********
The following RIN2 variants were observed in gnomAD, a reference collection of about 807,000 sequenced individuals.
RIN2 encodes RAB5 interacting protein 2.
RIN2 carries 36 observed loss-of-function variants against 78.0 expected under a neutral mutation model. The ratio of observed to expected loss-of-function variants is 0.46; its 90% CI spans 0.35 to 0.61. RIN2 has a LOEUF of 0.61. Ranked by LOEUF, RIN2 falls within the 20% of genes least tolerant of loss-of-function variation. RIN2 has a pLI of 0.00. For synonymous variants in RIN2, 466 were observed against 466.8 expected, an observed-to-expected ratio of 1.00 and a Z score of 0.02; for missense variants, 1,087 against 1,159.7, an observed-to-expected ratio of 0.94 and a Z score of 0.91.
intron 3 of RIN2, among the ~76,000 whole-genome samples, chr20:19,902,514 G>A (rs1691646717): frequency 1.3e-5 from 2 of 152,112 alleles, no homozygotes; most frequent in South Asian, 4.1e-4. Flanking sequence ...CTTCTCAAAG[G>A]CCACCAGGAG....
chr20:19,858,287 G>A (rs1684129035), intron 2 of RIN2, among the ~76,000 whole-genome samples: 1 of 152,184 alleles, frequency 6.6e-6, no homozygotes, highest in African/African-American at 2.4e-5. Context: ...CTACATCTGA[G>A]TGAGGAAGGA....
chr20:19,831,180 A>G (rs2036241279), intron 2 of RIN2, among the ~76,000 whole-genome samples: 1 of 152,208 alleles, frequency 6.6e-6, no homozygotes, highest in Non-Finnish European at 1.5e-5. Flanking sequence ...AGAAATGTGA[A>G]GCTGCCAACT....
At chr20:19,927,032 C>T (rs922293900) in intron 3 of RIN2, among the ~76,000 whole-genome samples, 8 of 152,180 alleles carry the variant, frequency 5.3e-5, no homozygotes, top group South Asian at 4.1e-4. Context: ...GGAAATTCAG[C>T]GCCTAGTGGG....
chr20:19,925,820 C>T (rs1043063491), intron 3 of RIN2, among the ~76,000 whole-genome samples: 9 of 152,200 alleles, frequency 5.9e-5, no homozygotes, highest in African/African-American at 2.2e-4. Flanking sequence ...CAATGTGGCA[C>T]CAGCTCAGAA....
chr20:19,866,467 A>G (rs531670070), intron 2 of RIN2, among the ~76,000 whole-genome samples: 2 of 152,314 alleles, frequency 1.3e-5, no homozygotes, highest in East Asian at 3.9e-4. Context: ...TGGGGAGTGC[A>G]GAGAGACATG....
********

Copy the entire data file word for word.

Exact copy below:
The following RIN2 variants were observed in gnomAD, a reference collection of about 807,000 sequenced individuals.
RIN2 encodes RAB5 interacting protein 2.
RIN2 carries 36 observed loss-of-function variants against 78.0 expected under a neutral mutation model. The ratio of observed to expected loss-of-function variants is 0.46; its 90% CI spans 0.35 to 0.61. RIN2 has a LOEUF of 0.61. Ranked by LOEUF, RIN2 falls within the 20% of genes least tolerant of loss-of-function variation. RIN2 has a pLI of 0.00. For synonymous variants in RIN2, 466 were observed against 466.8 expected, an observed-to-expected ratio of 1.00 and a Z score of 0.02; for missense variants, 1,087 against 1,159.7, an observed-to-expected ratio of 0.94 and a Z score of 0.91.
intron 3 of RIN2, among the ~76,000 whole-genome samples, chr20:19,902,514 G>A (rs1691646717): frequency 1.3e-5 from 2 of 152,112 alleles, no homozygotes; most frequent in South Asian, 4.1e-4. Flanking sequence ...CTTCTCAAAG[G>A]CCACCAGGAG....
chr20:19,858,287 G>A (rs1684129035), intron 2 of RIN2, among the ~76,000 whole-genome samples: 1 of 152,184 alleles, frequency 6.6e-6, no homozygotes, highest in African/African-American at 2.4e-5. Context: ...CTACATCTGA[G>A]TGAGGAAGGA....
chr20:19,831,180 A>G (rs2036241279), intron 2 of RIN2, among the ~76,000 whole-genome samples: 1 of 152,208 alleles, frequency 6.6e-6, no homozygotes, highest in Non-Finnish European at 1.5e-5. Flanking sequence ...AGAAATGTGA[A>G]GCTGCCAACT....
At chr20:19,927,032 C>T (rs922293900) in intron 3 of RIN2, among the ~76,000 whole-genome samples, 8 of 152,180 alleles carry the variant, frequency 5.3e-5, no homozygotes, top group South Asian at 4.1e-4. Context: ...GGAAATTCAG[C>T]GCCTAGTGGG....
chr20:19,925,820 C>T (rs1043063491), intron 3 of RIN2, among the ~76,000 whole-genome samples: 9 of 152,200 alleles, frequency 5.9e-5, no homozygotes, highest in African/African-American at 2.2e-4. Flanking sequence ...CAATGTGGCA[C>T]CAGCTCAGAA....
chr20:19,866,467 A>G (rs531670070), intron 2 of RIN2, among the ~76,000 whole-genome samples: 2 of 152,314 alleles, frequency 1.3e-5, no homozygotes, highest in East Asian at 3.9e-4. Context: ...TGGGGAGTGC[A>G]GAGAGACATG....